umph of Christ was adorned with the last spoils c HAP. of Paganism, but the greater part of these costly stones was extracted from the quarries of Asia Minor, the isles and continent of Greece, Egypt, Africa, and Gaul. Eight columns of porphyry, which Aurelian had placed in the temple of the sun, were offered by the piety of a Roman matron; eight others of green marble were presented by the ambitious zeal of the magistrates of Ephesus both are admirable by their size and beauty, but every order of architecture disclaims their fantastic capitals. A variety of ornaments and figures was curiously expressed in mosaic; and the images of Christ, of the Virgin, of saints, and of angels, which have been defaced by Turkish fanaticism, were dangerously exposed to the superstition of the Greeks. According to the sanctity of each object, the precious metals were distributed in thin leaves or in solid masses. The balustrade of the choir, the capitals of the pillars, the ornaments of the doors and galleries, were of gilt bronze; the spectator was dazzled by the glittering aspect of the cupola; the sanctuary contained forty thousand pound weight of silver; and the holy vases andvestments of the altar were of the purest gold, enriched with inestimable gems. Before the structure of the church had risen two cubits above the ground, forty-five thousand two hundred pounds were already consumed; and the whole expence Riches. amounted to three hundred and twenty thousand : each reader, according to the measure of his belief, may estimate their value either in gold or



CHA P. silver; but the sum of one million sterling is the result of the lowest computation. A magnificent temple is a laudable monument of national taste and religion, and the enthusiast who entered the dome of St. Sophia, might be tempted to suppose that it was the residence, or even the workmanship, of the Deity. Yet how dull is the artifice, how insignificant is the labour, if it be compared with the formation of the vilest insect that crawls upon the surface of the temple!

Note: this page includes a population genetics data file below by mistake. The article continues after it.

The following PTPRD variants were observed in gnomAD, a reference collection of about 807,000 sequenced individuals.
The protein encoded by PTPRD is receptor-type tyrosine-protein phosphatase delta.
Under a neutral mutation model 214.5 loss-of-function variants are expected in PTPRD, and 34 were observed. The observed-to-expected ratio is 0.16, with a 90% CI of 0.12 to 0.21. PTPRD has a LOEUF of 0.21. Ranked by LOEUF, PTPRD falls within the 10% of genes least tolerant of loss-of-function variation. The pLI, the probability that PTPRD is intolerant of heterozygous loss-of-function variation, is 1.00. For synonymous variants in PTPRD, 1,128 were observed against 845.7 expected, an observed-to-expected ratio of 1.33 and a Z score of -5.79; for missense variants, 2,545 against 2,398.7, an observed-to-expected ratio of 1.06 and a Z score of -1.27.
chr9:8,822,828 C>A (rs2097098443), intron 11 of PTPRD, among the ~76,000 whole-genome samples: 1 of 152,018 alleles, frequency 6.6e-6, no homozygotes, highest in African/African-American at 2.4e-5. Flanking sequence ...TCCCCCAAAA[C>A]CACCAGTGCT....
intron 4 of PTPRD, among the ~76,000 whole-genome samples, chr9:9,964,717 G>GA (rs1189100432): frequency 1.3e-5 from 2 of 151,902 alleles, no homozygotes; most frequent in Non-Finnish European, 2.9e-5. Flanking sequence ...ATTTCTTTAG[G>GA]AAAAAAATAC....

Churches and pala.

[ocr errors]

So minute a description of an edifice which time has respected, may attest the truth, and excuse the relation of the innumerable works, both in the capital and provinces, which Justinian constructed on a smaller scale and less durable foundations *. In Constantinople alone, and the adjacent suburbs, he dedicated twenty-five churches to the honour of Christ, the Virgin, and the saints: most of these churches were decorated with marble and gold; and their various situation was skilfully chosen in a populous square, or a pleasant grove; on the margin of the sea-shore, or on some lofty eminence which overlooked the continents of Europe and Asia. The church of the Holy Apostles at Constantinople, and that of St. John at Ephesus, appear to have been framed on the same model: their domes aspired to imitate the cupolas of St. Sophia; but

The six books of the Edifices of Procopius are thus distributed: the first is confined to Constantinople; the second includes Mesopotamia and Syria; the third, Armenia and the Euxine; the fourth, Europe; the fifth, Asia Minor and Palestine; the sixth, Egypt and Africa. Italy is forgot by the emperor or the historian, who published this work of adulation before the date (A. D. 555.) of its final conquest.


but the altar was more judiciously placed under the CHAP, centre of the dome, at the junction of four stately porticoes, which more accurately expressed the figure of the Greek cross. The Virgin of JerusaJem might exult in the temple erected by her Imperial votary on a most ungrateful spot, which afforded neither ground nor materials to the architect. A level was formed, by raising part of a deep valley to the height of the mountain. The stones of a neighbouring quarry were hewn into regular forms; each block was fixed on a peculiar carriage drawn by forty of the strongest oxen, and the roads were widened for the passage of such enormous weights. Lebanon furnished her loftiest cedars for the timbers of the church; and the seasonable discovery of a vein of red marble, supplied its beautiful columns, two of which, the supporters of the exterior portico, were esteemed the largest in the world. The pious munificence of the emperor was diffused over the Holy Land; and if reason should condemn the monasteries of both sexes which were built or restored by Justinian, yet charity must applaud the wells which he sunk, and the hospitals which he founded, for the relief of the weary pilgrims. The schismatical temper of Egypt was ill-entitled to the royal bounty; but in Syria and Africa some remedies were applied to the disasters of wars and earthquakes, and both Carthage and Antioch, emerging from their ruins, might revere the name of their gracious benefactor*. Almost every saint in the calendar acquired the honours of a temple; almost every


*Justinian once gave forty-five centenaries of gold (180,000!) for the repairs of Antioch after the earthquake (John Malala, tom. ii. p. 146-149.).

« 上一頁繼續 »